(rhymes with WORK-it). "If a contending team hadn't wanted me, I
would have retired."

Instead, Burkett is the only big league pitcher whose ERA at the
All-Star break (2.49, which ranked second in the National League
to teammate Greg Maddux's 2.41) wasn't too far off of his bowling
average (230). "Unbelievable! Fantastic!" normally uneffusive
Atlanta manager Bobby Cox says of Burkett. "He's been the biggest
story of the National League."

Says Braves general manager John Schuerholz, "With any luck at
all, any luck, he'd be 10-2. That's how well he's pitched. He's
been incredible." Instead, Burkett was 6-6, largely because
Atlanta had scored two runs or fewer in eight of his 19 starts.
He reached the All-Star break ranked fifth in the league in
innings (126 2/3), sixth in strikeouts (110) and sixth in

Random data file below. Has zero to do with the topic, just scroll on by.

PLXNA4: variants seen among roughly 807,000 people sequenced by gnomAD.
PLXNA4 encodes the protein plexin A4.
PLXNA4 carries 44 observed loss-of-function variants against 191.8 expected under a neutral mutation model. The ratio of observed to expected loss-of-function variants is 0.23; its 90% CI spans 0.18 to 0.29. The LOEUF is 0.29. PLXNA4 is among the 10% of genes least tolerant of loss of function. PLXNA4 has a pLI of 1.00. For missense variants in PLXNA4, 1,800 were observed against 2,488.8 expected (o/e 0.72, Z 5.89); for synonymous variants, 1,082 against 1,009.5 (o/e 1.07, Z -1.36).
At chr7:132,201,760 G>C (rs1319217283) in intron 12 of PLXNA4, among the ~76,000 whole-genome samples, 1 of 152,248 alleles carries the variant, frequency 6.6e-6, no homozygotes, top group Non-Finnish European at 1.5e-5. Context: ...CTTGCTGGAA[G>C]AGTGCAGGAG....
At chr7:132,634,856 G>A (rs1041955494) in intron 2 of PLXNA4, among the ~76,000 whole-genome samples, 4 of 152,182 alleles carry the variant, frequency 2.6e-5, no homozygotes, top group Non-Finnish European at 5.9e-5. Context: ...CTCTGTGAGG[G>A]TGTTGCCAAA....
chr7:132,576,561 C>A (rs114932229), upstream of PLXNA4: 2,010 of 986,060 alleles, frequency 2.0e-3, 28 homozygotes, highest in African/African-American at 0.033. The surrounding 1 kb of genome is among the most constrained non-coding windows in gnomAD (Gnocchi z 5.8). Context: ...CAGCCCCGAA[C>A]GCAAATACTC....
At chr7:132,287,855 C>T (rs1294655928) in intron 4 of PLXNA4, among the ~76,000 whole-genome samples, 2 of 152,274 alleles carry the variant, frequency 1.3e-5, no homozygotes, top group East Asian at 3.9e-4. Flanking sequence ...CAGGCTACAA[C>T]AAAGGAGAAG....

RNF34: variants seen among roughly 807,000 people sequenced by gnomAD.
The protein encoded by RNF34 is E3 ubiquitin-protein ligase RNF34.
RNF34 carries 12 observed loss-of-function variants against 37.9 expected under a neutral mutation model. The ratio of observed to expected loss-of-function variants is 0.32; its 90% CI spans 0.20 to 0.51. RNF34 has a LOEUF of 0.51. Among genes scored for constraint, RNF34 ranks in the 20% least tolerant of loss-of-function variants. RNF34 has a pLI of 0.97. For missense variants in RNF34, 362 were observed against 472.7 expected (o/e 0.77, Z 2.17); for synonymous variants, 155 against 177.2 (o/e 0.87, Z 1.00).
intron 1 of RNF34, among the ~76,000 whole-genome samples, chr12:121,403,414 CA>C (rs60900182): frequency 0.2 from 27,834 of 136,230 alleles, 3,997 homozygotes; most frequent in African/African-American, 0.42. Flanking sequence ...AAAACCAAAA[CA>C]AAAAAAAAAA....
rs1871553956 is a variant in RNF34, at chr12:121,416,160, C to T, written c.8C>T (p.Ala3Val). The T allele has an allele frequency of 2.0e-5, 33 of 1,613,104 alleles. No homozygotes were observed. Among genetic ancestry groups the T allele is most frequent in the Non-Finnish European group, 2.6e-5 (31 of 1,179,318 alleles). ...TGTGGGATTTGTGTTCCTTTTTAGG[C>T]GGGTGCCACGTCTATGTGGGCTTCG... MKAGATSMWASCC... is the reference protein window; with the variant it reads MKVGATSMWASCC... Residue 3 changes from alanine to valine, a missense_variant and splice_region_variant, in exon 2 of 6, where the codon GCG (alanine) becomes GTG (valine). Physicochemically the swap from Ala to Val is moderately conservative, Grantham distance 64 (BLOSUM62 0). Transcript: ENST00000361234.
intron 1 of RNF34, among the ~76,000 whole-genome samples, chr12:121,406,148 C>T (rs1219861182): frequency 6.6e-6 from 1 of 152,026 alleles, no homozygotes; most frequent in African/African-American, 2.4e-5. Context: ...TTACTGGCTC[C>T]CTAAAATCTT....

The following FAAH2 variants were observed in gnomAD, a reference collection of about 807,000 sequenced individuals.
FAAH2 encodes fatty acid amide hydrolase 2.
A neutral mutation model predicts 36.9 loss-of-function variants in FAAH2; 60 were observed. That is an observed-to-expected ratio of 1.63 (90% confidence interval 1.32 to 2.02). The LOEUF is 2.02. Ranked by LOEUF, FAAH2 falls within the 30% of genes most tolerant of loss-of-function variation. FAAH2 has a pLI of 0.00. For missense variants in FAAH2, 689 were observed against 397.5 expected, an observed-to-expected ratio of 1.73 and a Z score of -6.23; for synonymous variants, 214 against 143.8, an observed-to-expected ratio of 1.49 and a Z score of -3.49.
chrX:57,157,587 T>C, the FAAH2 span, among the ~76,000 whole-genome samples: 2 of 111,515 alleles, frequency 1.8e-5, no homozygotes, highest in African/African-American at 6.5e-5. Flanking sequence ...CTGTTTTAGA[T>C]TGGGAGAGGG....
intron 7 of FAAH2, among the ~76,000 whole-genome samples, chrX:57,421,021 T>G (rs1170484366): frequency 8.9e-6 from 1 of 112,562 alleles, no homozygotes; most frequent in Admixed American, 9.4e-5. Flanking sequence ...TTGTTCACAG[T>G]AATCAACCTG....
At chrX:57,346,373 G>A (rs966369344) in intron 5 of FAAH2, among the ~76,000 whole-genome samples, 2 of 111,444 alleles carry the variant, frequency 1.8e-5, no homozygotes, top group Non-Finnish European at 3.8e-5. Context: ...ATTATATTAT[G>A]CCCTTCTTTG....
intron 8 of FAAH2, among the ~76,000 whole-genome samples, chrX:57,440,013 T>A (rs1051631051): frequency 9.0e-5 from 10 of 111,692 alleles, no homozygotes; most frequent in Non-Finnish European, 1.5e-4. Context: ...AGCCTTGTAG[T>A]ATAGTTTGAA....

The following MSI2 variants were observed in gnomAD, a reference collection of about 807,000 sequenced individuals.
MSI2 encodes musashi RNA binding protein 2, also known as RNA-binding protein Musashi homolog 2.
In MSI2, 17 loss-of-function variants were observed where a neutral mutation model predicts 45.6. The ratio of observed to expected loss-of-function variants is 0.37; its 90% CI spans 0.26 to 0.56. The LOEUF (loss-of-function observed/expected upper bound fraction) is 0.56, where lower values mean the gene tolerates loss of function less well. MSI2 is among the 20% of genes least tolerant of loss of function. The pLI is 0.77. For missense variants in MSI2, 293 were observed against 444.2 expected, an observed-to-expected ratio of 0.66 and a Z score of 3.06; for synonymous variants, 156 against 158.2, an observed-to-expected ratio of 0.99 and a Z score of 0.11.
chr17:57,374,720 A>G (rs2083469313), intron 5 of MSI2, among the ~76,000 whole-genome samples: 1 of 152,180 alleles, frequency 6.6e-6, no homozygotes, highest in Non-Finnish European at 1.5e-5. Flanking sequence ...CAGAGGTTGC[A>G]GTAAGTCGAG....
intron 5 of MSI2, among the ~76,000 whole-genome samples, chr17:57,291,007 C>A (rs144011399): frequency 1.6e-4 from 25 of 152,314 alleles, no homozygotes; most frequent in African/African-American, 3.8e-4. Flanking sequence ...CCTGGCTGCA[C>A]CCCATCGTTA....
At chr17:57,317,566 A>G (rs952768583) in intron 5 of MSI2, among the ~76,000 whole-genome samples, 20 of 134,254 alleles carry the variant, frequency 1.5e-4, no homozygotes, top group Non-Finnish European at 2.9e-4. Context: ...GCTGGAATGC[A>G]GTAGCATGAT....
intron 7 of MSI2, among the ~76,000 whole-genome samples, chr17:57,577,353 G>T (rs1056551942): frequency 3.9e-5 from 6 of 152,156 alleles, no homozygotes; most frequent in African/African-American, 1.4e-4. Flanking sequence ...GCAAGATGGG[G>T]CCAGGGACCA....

opponents' batting average (.218). "Burky deserves to be an
All-Star more than I do--that's a fact," says Maddux (10-5 at
the break), who was not selected for the midsummer classic.

Burkett was named an All-Star once before, in 1993 (his third
full big league season), when he won 22 games for the San
Francisco Giants and finished fourth in the Cy Young balloting.
"I'm pitching better now than I ever have," he says. "Better than
'93. I've always had pretty good command. But now the ball is
moving later, sharper. I heard that a hitter's eyes cannot follow
the ball over the last five feet to the plate. So if you have
late movement, you're going to be tough to hit. That's what my
ball is doing."

The British royals had their Fergie. The upper-crust Braves,
thanks to Tampa Bay, have Burkett, whom they found, appropriately
enough, in a Laundromat. "He does the laundry at home [in South